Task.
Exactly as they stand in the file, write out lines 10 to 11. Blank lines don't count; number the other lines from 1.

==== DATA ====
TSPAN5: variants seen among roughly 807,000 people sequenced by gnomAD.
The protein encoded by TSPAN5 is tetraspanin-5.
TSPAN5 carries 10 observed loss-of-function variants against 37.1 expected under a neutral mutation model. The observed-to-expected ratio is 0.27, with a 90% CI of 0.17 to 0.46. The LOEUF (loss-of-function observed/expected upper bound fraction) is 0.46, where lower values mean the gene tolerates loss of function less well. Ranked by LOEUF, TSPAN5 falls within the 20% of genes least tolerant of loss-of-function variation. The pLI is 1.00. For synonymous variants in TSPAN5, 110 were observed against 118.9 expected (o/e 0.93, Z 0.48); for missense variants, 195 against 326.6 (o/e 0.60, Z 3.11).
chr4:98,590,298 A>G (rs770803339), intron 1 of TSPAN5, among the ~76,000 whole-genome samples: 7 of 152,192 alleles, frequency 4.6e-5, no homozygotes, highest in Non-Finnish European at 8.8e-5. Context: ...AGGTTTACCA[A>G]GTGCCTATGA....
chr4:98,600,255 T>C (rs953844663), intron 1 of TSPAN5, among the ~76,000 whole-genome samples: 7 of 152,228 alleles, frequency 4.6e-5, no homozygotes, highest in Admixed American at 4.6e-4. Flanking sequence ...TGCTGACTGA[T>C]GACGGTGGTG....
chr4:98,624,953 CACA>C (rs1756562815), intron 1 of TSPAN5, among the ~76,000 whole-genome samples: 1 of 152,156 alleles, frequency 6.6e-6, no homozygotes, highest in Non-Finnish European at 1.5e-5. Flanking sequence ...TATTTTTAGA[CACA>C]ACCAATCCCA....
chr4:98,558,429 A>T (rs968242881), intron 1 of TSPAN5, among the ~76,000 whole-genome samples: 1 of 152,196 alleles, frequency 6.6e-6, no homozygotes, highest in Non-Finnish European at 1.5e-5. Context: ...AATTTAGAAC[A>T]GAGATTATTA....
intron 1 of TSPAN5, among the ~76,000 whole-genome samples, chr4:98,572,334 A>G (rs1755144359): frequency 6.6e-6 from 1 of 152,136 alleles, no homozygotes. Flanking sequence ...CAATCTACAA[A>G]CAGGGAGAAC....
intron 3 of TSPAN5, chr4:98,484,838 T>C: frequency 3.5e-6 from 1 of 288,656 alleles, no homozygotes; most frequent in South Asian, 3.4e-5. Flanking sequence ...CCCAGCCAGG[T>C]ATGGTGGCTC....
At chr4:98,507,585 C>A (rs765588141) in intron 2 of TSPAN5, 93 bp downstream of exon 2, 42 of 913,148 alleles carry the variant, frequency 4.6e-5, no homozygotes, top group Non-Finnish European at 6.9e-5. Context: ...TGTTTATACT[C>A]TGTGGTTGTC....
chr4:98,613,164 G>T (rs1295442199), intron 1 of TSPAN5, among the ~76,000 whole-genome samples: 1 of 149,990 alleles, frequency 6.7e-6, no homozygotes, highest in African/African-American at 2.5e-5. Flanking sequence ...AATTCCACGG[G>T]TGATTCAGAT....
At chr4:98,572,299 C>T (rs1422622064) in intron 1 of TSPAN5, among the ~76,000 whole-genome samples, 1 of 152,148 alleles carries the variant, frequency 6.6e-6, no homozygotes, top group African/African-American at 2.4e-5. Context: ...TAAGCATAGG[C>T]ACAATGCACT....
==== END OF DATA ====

At chr4:98,507,585 C>A (rs765588141) in intron 2 of TSPAN5, 93 bp downstream of exon 2, 42 of 913,148 alleles carry the variant, frequency 4.6e-5, no homozygotes, top group Non-Finnish European at 6.9e-5. Context: ...TGTTTATACT[C>A]TGTGGTTGTC....
chr4:98,613,164 G>T (rs1295442199), intron 1 of TSPAN5, among the ~76,000 whole-genome samples: 1 of 149,990 alleles, frequency 6.7e-6, no homozygotes, highest in African/African-American at 2.5e-5. Flanking sequence ...AATTCCACGG[G>T]TGATTCAGAT....